Leary handed the newspaper to Ginsberg, who read the story, headlined HIPPIES RUN WILD, and let out a moan. “That’s ridiculous,” Ginsberg complained. “Like, it was an aesthetically very good scene. They should have sent an art critic.”

Reporting a complaint

Ginsberg picked up the phone and called the newspaper to register his complaint with the night editor at the newspaper.

“What is this nonsense about hippies running wild?” Ginsberg asked the befuddled editor. “Your story has the kind of inaccuracy of tone and language that’s poisoning the community. Is that what you want to do?”

“We sent our hippiest reporter,” the night editor replied.

“I don’t know what kind of hippies you’ve got over there at your place,” Ginsberg said, chuckling. “Besides, what is this hippie business? What does ‘hippie’ mean, anyway? These kids aren’t hippies – they’re seekers. Today was a serious religious occasion.”

Ginsberg promised to come over to the newspaper first thing Monday morning and talk to the reporter about doing a more accurate follow-up story. The editor said that would be fine. They’d see the famous poet at The Chronicle offices on Monday.

“Well, peace,” Ginsberg said, hanging up the phone.

Ginsberg, still dressed all in white, was sitting on a mattress in the meditation room in the apartment of Michael Bowen, one of the Human Be-In organizers. The mattress and the wall behind him were covered with Indian bedspreads. Sitting next to him was Gary Snyder, who had beads hanging over his turtleneck sweater. Most of the people at the party were still in their Be-In costumes, except for Leary, who had taken off his loose white garments and changed into sports jacket and trousers. That way he looked more professorial when the television news crew showed up dragging klieg lights and cables into Bowen’s apartment.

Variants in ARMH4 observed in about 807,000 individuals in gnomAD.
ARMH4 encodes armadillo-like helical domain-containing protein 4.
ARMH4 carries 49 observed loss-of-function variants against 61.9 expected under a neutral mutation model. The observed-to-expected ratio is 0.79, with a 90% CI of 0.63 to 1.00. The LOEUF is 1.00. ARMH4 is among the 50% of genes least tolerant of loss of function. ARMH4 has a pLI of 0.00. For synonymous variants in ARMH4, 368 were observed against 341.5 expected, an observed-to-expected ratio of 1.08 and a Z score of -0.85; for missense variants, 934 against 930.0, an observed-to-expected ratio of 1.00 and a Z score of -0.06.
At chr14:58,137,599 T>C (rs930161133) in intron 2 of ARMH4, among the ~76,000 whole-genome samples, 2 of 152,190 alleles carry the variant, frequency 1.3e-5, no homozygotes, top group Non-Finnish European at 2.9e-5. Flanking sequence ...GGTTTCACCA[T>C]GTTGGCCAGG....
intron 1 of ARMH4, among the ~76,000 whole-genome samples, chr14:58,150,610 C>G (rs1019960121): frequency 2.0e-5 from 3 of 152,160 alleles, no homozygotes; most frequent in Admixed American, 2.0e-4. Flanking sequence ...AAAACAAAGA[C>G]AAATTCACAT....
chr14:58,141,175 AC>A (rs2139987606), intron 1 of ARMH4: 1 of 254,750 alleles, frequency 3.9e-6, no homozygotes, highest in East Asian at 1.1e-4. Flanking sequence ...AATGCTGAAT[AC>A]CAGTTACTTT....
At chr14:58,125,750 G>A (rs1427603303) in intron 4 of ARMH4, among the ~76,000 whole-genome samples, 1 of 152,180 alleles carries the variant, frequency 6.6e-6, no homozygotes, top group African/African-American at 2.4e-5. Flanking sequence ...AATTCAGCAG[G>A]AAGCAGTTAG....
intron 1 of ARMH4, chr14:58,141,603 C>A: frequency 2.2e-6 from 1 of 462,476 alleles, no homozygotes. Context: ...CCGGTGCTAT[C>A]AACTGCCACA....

It’s all about visuals

The cameraman turned away from Leary and held a light meter up to Ginsberg’s face. Here was a guy with a bushy black beard, love beads and white robes. Better visuals for a TV news segment on the hippies.

The poet groaned at the TV crew. “Man,” he said, looking at Bowen, “it’s bad enough that you have a telephone in your meditation room.”

Ginsberg lightened up when the TV reporter offered his take on the day’s festivities. “I don’t know why,” the television guy said, “but this whole day strikes me as absolutely sane and right and beautiful. You guys must have put something in my tea.”

“What’s so insane about a little peace and harmony,” Ginsberg replied. “Thousands of people came to the park today, just so they could relate to each other – as dharma beings. All sorts of people – poets, children, even Hell’s Angels. People are lonely. It’s strange to be in a body.”

Gary Snyder nodded. “People are groovy,” he said.

Ginsberg looked into the television camera. “It was very Eden-like today,” he said. “Kind of like Blake’s vision of Eden. Music. Babies. People just sort of floating around having a good time and everybody happy and smiling and touching and turning each other on and a lot of groovy chicks all dressed up in their best clothes and -”

“But will it last?” the reporter asked.

“How do I know?” Ginsberg said. “And who cares?”